An Anatomical Lesson
Throughout our journey in bringing menstruation education to young girls we have found that girls (and their parents) can sometimes be very shy about using the correct words for their female reproductive parts. Even saying the words ‘menstrual period’ can be embarrassing to the girls who would much rather say ‘Aunt Flo’ or ‘being on the rag’.
We thought we would help with this situation by providing a short dictionary of the female parts along with a simple definition. As a matter of health, girls should be comfortable using these words as it helps if they ever have reproductive issues. Knowing the proper words can help describe discomfort and leads to better understanding of how the female body works. The more information that girls have the better control they have over their bodies and their health decisions.
The tubes that allows passage of eggs from the ovaries to the uterus.
Where eggs and female sex hormones are produced. Generally only one egg is released each month with the ovaries alternating each month on which is producing the egg.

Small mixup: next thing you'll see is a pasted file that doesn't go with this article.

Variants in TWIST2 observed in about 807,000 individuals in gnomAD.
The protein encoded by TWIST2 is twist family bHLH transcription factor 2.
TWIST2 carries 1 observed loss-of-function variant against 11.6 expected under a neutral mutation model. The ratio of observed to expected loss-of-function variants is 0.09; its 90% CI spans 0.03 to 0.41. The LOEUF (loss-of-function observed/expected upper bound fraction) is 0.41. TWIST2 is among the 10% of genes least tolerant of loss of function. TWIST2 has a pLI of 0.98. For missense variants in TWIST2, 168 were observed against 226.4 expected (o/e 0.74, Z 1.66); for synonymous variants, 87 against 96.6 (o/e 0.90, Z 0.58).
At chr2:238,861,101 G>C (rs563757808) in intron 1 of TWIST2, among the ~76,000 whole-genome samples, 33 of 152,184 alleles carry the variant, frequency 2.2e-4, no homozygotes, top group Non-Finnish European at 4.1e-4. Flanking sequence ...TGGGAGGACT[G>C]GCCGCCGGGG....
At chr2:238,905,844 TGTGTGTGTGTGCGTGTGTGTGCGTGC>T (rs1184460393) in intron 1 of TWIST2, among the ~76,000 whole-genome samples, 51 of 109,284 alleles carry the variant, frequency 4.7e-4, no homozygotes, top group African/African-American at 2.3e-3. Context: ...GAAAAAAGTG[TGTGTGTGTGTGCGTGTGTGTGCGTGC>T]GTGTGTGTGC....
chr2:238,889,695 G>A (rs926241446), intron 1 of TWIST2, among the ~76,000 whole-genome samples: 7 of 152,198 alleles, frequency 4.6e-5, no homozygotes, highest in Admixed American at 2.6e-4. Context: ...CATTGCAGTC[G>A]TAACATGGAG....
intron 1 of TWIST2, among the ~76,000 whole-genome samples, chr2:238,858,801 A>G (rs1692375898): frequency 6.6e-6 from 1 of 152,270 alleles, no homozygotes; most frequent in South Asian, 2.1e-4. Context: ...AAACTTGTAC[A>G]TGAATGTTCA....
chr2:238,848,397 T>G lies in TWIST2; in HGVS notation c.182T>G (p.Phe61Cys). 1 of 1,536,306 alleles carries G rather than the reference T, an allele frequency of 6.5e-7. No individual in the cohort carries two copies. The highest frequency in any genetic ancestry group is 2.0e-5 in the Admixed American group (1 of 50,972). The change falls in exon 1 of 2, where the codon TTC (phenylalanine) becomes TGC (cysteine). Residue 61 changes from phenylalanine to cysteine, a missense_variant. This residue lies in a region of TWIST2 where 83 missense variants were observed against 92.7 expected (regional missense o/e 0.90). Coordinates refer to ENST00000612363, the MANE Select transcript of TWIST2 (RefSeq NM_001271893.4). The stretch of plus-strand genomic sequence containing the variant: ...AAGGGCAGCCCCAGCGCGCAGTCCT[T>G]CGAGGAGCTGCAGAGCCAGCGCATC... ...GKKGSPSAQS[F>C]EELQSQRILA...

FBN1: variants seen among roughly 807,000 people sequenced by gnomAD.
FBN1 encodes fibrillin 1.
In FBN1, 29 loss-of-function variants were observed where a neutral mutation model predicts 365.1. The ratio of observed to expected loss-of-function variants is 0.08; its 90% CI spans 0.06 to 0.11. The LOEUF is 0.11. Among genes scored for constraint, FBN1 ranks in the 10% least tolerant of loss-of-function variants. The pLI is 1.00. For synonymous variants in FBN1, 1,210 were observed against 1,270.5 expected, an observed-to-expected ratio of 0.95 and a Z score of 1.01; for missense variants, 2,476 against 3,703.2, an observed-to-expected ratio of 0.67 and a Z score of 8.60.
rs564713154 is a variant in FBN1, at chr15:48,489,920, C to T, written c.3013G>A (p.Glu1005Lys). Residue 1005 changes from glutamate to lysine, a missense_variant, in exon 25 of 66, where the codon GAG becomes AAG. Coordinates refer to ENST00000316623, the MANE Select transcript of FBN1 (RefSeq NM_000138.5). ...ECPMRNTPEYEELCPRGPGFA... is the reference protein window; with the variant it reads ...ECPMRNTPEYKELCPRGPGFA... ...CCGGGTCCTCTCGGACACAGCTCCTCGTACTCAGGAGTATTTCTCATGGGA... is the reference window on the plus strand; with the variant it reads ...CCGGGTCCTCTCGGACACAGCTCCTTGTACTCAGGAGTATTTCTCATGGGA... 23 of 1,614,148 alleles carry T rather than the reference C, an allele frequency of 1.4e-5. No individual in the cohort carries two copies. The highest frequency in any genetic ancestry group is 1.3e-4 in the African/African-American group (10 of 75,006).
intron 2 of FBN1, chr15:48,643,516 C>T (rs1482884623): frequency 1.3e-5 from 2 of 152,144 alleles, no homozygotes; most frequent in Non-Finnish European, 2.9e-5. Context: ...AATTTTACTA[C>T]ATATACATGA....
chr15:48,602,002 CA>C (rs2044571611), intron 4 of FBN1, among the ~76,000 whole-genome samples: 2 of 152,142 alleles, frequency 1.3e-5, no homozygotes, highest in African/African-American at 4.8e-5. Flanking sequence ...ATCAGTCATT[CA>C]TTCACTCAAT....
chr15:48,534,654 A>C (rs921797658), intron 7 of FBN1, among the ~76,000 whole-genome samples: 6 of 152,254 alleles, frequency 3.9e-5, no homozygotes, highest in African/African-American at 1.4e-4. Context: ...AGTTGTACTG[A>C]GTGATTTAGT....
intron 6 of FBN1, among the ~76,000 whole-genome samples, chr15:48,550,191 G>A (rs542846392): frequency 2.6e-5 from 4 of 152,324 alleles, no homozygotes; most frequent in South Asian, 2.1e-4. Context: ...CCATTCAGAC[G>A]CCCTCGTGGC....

The female body organ where an egg can grow into a baby when a woman is pregnant.
The mucous membrane that lines the uterus. This lining becomes thick and rich with blood during the menstrual cycle in order to support a fertilized egg. If a fertilized egg is not implanted than the endometrium is sloughed off during monthly menstruation.
The canal that connects the uterus to the outside world. The vulva and labia form the outside entrance to the vagina. The vulva is where tampons are inserted.
The interior end of the vaginal canal where it joins with the uterus.
The monthly discharge of blood and tissue from the uterus of non-pregnant women. Generally first menstruation starts between the ages of 9 – 12 and lasts until a woman is in her fifties.